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Old 08-22-2018, 10:42 PM   #1
Junior Member
Location: San Francisco

Join Date: Jul 2018
Posts: 2
Default Sequencing library prep automation selection

Hi, we are looking into purchasing an automation platform for NGS library prep. We are now comparing Tecan freedom evo to Eppendorf epMotion. Does anyone here have experience with either platform? How do you like or dislike it?
Any advice will be helpful.
Thanks a lot!
whe is offline   Reply With Quote
Old 08-27-2018, 02:08 AM   #2
Location: Aarhus, Denmark

Join Date: Mar 2008
Posts: 57

Hi Whe,
Have you considered a Sciclone NGS, Zephyr NGS og Janus NGS Express from Perkin Elmer? See for a list of automated methods.
I am NOT related to Perkin Elmer, but we have been using their robots for several years and are very happy with them.
Good luck.
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Old 08-27-2018, 05:06 AM   #3
Location: New England

Join Date: Aug 2018
Posts: 12

Hi Whe,

We have a Tecan Freedom Evo 150 in our lab (8 channel head only). We for the most part like it. There is a learning curve to it, but if you take the time to learn the software there’s a lot you can do with it. Writing the protocols is fairly easy. Optimizing the liquid classes is the really difficult part. Unless you want to pay for one of their courses, its hard to get the right volumes delivered without a fair amount of trial and error.

They validated a Full RXN Volume NExtera XT protocol on it. Ran real samples on it and they worked perfectly. I have cut it to Half RXN Volumes and the volumes are all still delivered accurately. Have not been able to test that with real samples yet.

We currently use it a lot for Ampure XP bead cleanups and 1/4 RXN Quant It Reactions. I used a lot of commands from the Nextera XT protocol to help me write these scripts. We also have a normalization script for it. That is going to be tested next week and if it is as accurate as it was in "Fake Sample" tests, then it should significantly speed up our normalization.

The only other thing is that if you working in very small volumes to be careful. When writing my normalization script, I could not get <2uL volumes delivered both accurately and consistently. Even when working with the smallest tip size they have (10 uL). So if you plan on doing a lot of liquid transfers <2 uL, then you may want to be careful.

Finally, if you do decide to get a Tecan Freedom Evo, make sure you get one large enough for what you want to do. If you want to get a MCA96 pipetting head or MCA384 petting head, then you will want to consider a 200 series. I know a lab that has a 150 series with a MCA head, and they constantly have to refill tips. For tip heavy protocols like Ampure Bead cleanups, our instrument has just enough space to have enough tips to not refill during the run.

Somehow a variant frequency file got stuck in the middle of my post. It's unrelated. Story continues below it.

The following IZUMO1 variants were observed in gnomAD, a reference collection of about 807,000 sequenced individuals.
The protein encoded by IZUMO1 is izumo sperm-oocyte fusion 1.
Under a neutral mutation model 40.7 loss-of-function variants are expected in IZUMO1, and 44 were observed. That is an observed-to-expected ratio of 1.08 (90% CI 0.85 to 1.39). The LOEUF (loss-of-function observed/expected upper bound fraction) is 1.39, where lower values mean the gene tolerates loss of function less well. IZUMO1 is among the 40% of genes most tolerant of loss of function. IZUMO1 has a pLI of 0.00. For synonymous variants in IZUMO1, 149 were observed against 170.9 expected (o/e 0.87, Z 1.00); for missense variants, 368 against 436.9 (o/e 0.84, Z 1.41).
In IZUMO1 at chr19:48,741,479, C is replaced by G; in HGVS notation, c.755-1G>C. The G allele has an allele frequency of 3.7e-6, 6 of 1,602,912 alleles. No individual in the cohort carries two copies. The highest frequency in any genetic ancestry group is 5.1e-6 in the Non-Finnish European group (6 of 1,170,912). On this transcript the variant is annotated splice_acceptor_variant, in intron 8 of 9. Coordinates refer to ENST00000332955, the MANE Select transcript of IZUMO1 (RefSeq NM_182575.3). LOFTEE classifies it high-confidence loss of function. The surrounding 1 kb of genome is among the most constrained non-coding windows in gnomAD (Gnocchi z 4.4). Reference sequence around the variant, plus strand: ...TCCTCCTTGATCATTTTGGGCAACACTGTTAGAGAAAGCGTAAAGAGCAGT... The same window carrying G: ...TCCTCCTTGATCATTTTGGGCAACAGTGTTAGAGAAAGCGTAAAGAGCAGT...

Let me know if you have any more questions.
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Old 09-04-2018, 04:21 AM   #4
David Eccles (gringer)
Location: Wellington, New Zealand

Join Date: May 2011
Posts: 835
Default OpenTrons

If you want cheap, there's the OpenTrons OT-2. The basic system is $3500 USD, with additional modules ordered separately:
  • single channel pipette $500
  • 8-channel pipette $1000
  • temperature module $1000
  • aluminium block (for temp module) $500
  • magnetic deck $1500
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Old 09-20-2018, 07:28 AM   #5
Senior Member
Location: Basel (Switzerland)

Join Date: Oct 2010
Posts: 208

I am a big fan of the Tecan Freedom Evo 200. For medium/high throughput project it's fantastic. Our configuration includes the 96 and 384 head adaptor. Having a 4 channel LiHa arm (4 independent channels for single dispensing, i.e. cherry-picking) is also very useful. A newer and better version of it would be the Fluent 780, also from Tecan. The software for the Evo is rather easy and you wouldn't need too much time to master it, even if you want to create complex programs. To cut the costs we combine it with a Nanodrop Express (BioNex). Reagent addition steps are done with the Nanodrop while sample pooling, bead cleanup and primer addition is done with the Tecan.
On the other hand, I would never recommend an Agilent Bravo. Too many limitations on the instrument, expensive consumables and the software is much more complicated than the Evo (at least the version I used a few years back). The EpMotion is ok but is not meant for complex application or high-throughput projects. As far as I know a 384 channel pipetting head is not available for the EpMotion.
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